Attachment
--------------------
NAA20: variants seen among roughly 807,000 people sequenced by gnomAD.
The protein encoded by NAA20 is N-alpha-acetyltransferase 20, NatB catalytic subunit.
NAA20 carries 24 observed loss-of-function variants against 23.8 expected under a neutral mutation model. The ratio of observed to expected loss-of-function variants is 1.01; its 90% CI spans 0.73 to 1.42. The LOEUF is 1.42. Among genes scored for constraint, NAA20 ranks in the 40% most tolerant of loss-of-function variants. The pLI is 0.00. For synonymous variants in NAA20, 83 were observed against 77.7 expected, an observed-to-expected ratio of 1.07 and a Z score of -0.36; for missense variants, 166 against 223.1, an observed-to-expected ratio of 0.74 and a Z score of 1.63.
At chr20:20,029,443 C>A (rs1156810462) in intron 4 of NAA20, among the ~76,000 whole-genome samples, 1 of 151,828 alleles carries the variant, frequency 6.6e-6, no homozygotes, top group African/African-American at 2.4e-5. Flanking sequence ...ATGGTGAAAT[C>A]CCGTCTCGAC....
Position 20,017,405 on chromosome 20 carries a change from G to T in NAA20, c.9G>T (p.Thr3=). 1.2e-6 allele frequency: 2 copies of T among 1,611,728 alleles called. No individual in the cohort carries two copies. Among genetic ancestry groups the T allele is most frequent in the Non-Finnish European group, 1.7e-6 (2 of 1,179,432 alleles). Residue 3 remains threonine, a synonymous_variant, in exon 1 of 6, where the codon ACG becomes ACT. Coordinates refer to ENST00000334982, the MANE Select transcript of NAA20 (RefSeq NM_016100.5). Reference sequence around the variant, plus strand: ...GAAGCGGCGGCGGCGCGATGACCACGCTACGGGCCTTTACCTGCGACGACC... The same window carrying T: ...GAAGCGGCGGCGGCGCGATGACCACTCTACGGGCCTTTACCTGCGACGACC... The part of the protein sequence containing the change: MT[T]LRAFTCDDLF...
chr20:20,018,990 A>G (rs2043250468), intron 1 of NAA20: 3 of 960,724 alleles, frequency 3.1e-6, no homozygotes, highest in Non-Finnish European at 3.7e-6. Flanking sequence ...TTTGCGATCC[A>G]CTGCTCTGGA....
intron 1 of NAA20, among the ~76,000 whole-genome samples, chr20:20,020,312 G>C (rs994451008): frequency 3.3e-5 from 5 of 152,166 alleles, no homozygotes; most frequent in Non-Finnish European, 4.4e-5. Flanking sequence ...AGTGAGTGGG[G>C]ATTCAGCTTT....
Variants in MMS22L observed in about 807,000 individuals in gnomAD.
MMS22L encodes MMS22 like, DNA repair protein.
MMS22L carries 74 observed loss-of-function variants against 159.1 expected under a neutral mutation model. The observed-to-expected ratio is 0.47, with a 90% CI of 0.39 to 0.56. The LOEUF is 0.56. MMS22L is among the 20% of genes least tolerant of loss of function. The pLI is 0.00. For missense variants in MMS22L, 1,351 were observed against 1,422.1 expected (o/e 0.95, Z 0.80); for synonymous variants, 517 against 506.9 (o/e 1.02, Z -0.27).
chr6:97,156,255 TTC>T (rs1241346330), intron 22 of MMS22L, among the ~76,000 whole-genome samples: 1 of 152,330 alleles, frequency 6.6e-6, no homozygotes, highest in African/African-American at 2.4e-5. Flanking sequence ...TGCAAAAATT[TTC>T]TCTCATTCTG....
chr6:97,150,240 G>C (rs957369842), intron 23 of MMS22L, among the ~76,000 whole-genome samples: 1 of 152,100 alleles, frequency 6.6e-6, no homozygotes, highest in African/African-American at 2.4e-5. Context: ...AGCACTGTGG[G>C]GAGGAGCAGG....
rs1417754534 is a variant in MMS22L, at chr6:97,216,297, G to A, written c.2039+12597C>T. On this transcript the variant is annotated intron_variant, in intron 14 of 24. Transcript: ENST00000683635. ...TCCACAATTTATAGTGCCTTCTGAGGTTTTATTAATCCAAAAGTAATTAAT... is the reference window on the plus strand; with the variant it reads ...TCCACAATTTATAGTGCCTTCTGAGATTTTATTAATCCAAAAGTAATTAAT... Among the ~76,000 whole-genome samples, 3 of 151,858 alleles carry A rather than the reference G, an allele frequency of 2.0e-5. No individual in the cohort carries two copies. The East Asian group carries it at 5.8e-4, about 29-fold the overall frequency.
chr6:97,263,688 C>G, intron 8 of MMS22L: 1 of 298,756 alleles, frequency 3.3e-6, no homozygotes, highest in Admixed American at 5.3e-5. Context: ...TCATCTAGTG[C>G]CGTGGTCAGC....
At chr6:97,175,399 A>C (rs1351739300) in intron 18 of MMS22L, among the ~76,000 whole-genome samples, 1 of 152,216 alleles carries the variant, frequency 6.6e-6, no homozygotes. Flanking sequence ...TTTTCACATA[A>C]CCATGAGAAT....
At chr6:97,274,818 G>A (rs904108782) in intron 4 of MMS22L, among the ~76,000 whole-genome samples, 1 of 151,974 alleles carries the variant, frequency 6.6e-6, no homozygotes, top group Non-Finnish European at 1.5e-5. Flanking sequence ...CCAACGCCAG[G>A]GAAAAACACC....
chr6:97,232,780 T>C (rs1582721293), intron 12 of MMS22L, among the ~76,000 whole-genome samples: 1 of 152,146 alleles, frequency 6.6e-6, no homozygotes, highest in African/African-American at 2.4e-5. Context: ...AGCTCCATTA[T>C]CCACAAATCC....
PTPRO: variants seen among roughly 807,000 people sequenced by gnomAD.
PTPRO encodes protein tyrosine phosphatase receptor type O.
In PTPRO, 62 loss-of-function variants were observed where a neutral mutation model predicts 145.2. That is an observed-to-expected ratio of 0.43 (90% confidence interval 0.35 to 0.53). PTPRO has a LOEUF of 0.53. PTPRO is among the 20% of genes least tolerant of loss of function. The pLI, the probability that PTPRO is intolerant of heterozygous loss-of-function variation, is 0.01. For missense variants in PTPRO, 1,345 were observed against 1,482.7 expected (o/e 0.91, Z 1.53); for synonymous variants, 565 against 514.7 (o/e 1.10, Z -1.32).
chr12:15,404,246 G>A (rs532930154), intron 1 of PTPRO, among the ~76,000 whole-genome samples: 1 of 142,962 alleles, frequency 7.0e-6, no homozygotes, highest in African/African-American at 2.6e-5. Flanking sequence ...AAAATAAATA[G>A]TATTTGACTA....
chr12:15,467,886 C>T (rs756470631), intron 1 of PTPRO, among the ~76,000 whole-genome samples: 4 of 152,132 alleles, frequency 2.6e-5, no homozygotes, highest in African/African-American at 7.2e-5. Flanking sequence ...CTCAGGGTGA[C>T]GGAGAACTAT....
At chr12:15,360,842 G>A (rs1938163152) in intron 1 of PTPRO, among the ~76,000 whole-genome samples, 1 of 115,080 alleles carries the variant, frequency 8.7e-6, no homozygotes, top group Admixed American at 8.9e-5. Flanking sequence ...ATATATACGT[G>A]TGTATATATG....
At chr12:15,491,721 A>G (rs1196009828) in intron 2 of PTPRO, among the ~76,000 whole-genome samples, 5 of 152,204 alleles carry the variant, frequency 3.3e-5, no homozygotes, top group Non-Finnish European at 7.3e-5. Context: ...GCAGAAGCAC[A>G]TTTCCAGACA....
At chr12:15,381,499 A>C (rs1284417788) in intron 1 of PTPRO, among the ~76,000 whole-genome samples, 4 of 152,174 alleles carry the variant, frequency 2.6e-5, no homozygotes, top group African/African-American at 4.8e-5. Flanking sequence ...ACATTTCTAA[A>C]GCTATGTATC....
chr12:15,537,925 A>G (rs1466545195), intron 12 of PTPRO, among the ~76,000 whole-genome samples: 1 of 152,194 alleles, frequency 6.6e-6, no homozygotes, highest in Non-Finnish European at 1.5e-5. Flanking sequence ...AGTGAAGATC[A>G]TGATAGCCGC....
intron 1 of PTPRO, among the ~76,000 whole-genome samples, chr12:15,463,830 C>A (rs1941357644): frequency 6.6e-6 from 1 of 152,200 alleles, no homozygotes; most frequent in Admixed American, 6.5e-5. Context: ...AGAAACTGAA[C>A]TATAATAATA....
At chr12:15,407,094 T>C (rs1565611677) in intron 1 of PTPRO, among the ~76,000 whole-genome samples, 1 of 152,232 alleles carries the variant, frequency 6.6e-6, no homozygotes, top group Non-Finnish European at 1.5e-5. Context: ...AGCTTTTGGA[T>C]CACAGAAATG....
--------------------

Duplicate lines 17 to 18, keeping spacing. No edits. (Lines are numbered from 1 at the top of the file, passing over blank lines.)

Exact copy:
chr6:97,232,780 T>C (rs1582721293), intron 12 of MMS22L, among the ~76,000 whole-genome samples: 1 of 152,146 alleles, frequency 6.6e-6, no homozygotes, highest in African/African-American at 2.4e-5. Context: ...AGCTCCATTA[T>C]CCACAAATCC....
PTPRO: variants seen among roughly 807,000 people sequenced by gnomAD.